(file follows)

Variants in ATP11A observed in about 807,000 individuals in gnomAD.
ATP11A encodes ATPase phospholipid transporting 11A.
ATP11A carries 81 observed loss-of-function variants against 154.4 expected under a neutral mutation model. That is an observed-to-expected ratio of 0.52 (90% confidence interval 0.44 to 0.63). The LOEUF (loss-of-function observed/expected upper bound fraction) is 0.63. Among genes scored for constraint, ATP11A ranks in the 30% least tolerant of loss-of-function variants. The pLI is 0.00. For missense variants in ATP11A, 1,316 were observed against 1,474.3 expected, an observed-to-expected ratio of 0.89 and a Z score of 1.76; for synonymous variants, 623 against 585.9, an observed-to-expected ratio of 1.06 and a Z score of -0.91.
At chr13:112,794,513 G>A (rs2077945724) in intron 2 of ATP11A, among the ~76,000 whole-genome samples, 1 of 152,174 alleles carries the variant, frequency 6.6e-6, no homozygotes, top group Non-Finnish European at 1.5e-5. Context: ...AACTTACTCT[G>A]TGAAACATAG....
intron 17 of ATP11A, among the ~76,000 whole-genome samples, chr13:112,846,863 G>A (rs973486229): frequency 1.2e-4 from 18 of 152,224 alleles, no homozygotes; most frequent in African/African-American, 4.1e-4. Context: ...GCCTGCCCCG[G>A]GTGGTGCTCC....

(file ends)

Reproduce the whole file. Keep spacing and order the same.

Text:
Variants in ATP11A observed in about 807,000 individuals in gnomAD.
ATP11A encodes ATPase phospholipid transporting 11A.
ATP11A carries 81 observed loss-of-function variants against 154.4 expected under a neutral mutation model. That is an observed-to-expected ratio of 0.52 (90% confidence interval 0.44 to 0.63). The LOEUF (loss-of-function observed/expected upper bound fraction) is 0.63. Among genes scored for constraint, ATP11A ranks in the 30% least tolerant of loss-of-function variants. The pLI is 0.00. For missense variants in ATP11A, 1,316 were observed against 1,474.3 expected, an observed-to-expected ratio of 0.89 and a Z score of 1.76; for synonymous variants, 623 against 585.9, an observed-to-expected ratio of 1.06 and a Z score of -0.91.
At chr13:112,794,513 G>A (rs2077945724) in intron 2 of ATP11A, among the ~76,000 whole-genome samples, 1 of 152,174 alleles carries the variant, frequency 6.6e-6, no homozygotes, top group Non-Finnish European at 1.5e-5. Context: ...AACTTACTCT[G>A]TGAAACATAG....
intron 17 of ATP11A, among the ~76,000 whole-genome samples, chr13:112,846,863 G>A (rs973486229): frequency 1.2e-4 from 18 of 152,224 alleles, no homozygotes; most frequent in African/African-American, 4.1e-4. Context: ...GCCTGCCCCG[G>A]GTGGTGCTCC....